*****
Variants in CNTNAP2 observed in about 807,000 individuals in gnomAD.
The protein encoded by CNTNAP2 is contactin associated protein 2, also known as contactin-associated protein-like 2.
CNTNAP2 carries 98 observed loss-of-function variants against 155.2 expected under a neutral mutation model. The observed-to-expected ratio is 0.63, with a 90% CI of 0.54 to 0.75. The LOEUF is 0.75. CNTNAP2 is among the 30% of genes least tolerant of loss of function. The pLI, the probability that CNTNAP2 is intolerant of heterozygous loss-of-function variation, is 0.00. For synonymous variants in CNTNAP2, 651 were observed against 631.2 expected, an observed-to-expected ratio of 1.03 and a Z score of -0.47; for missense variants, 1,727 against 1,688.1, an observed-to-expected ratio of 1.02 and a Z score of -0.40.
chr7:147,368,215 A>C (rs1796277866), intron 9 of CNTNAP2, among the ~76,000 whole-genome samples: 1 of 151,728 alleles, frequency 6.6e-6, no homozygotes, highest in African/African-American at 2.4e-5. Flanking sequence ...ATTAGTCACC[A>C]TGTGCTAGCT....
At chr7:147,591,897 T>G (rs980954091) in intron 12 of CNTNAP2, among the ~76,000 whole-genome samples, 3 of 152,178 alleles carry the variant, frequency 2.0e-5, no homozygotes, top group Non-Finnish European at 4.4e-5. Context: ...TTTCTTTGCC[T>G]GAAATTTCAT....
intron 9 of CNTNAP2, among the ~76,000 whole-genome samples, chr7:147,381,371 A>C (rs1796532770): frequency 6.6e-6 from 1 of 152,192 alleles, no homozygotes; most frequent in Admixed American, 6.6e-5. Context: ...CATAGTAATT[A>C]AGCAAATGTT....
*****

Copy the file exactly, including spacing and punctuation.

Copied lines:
Variants in CNTNAP2 observed in about 807,000 individuals in gnomAD.
The protein encoded by CNTNAP2 is contactin associated protein 2, also known as contactin-associated protein-like 2.
CNTNAP2 carries 98 observed loss-of-function variants against 155.2 expected under a neutral mutation model. The observed-to-expected ratio is 0.63, with a 90% CI of 0.54 to 0.75. The LOEUF is 0.75. CNTNAP2 is among the 30% of genes least tolerant of loss of function. The pLI, the probability that CNTNAP2 is intolerant of heterozygous loss-of-function variation, is 0.00. For synonymous variants in CNTNAP2, 651 were observed against 631.2 expected, an observed-to-expected ratio of 1.03 and a Z score of -0.47; for missense variants, 1,727 against 1,688.1, an observed-to-expected ratio of 1.02 and a Z score of -0.40.
chr7:147,368,215 A>C (rs1796277866), intron 9 of CNTNAP2, among the ~76,000 whole-genome samples: 1 of 151,728 alleles, frequency 6.6e-6, no homozygotes, highest in African/African-American at 2.4e-5. Flanking sequence ...ATTAGTCACC[A>C]TGTGCTAGCT....
At chr7:147,591,897 T>G (rs980954091) in intron 12 of CNTNAP2, among the ~76,000 whole-genome samples, 3 of 152,178 alleles carry the variant, frequency 2.0e-5, no homozygotes, top group Non-Finnish European at 4.4e-5. Context: ...TTTCTTTGCC[T>G]GAAATTTCAT....
intron 9 of CNTNAP2, among the ~76,000 whole-genome samples, chr7:147,381,371 A>C (rs1796532770): frequency 6.6e-6 from 1 of 152,192 alleles, no homozygotes; most frequent in Admixed American, 6.6e-5. Context: ...CATAGTAATT[A>C]AGCAAATGTT....